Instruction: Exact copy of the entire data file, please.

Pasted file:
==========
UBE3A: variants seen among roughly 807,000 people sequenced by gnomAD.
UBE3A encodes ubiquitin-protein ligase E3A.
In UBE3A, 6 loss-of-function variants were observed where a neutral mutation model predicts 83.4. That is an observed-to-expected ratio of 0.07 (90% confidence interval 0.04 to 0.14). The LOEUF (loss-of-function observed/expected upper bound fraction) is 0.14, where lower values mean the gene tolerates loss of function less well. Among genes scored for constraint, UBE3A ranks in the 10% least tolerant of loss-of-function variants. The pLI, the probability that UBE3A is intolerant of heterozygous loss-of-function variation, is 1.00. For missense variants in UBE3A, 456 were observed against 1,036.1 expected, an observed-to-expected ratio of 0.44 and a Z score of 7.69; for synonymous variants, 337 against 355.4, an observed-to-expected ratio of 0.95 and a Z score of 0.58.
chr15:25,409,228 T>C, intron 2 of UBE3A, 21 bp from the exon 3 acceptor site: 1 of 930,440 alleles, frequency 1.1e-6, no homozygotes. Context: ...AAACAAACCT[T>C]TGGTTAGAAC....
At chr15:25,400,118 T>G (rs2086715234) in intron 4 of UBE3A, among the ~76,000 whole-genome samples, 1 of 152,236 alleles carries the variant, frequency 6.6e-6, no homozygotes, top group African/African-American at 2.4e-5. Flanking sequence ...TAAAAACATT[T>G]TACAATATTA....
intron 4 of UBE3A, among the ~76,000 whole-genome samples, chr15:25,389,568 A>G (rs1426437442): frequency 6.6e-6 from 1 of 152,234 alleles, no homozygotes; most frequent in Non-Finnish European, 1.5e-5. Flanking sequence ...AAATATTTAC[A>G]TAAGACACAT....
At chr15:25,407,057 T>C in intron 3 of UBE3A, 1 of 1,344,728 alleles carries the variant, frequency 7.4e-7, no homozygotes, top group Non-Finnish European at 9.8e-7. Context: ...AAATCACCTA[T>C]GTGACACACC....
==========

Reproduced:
UBE3A: variants seen among roughly 807,000 people sequenced by gnomAD.
UBE3A encodes ubiquitin-protein ligase E3A.
In UBE3A, 6 loss-of-function variants were observed where a neutral mutation model predicts 83.4. That is an observed-to-expected ratio of 0.07 (90% confidence interval 0.04 to 0.14). The LOEUF (loss-of-function observed/expected upper bound fraction) is 0.14, where lower values mean the gene tolerates loss of function less well. Among genes scored for constraint, UBE3A ranks in the 10% least tolerant of loss-of-function variants. The pLI, the probability that UBE3A is intolerant of heterozygous loss-of-function variation, is 1.00. For missense variants in UBE3A, 456 were observed against 1,036.1 expected, an observed-to-expected ratio of 0.44 and a Z score of 7.69; for synonymous variants, 337 against 355.4, an observed-to-expected ratio of 0.95 and a Z score of 0.58.
chr15:25,409,228 T>C, intron 2 of UBE3A, 21 bp from the exon 3 acceptor site: 1 of 930,440 alleles, frequency 1.1e-6, no homozygotes. Context: ...AAACAAACCT[T>C]TGGTTAGAAC....
At chr15:25,400,118 T>G (rs2086715234) in intron 4 of UBE3A, among the ~76,000 whole-genome samples, 1 of 152,236 alleles carries the variant, frequency 6.6e-6, no homozygotes, top group African/African-American at 2.4e-5. Flanking sequence ...TAAAAACATT[T>G]TACAATATTA....
intron 4 of UBE3A, among the ~76,000 whole-genome samples, chr15:25,389,568 A>G (rs1426437442): frequency 6.6e-6 from 1 of 152,234 alleles, no homozygotes; most frequent in Non-Finnish European, 1.5e-5. Flanking sequence ...AAATATTTAC[A>G]TAAGACACAT....
At chr15:25,407,057 T>C in intron 3 of UBE3A, 1 of 1,344,728 alleles carries the variant, frequency 7.4e-7, no homozygotes, top group Non-Finnish European at 9.8e-7. Context: ...AAATCACCTA[T>C]GTGACACACC....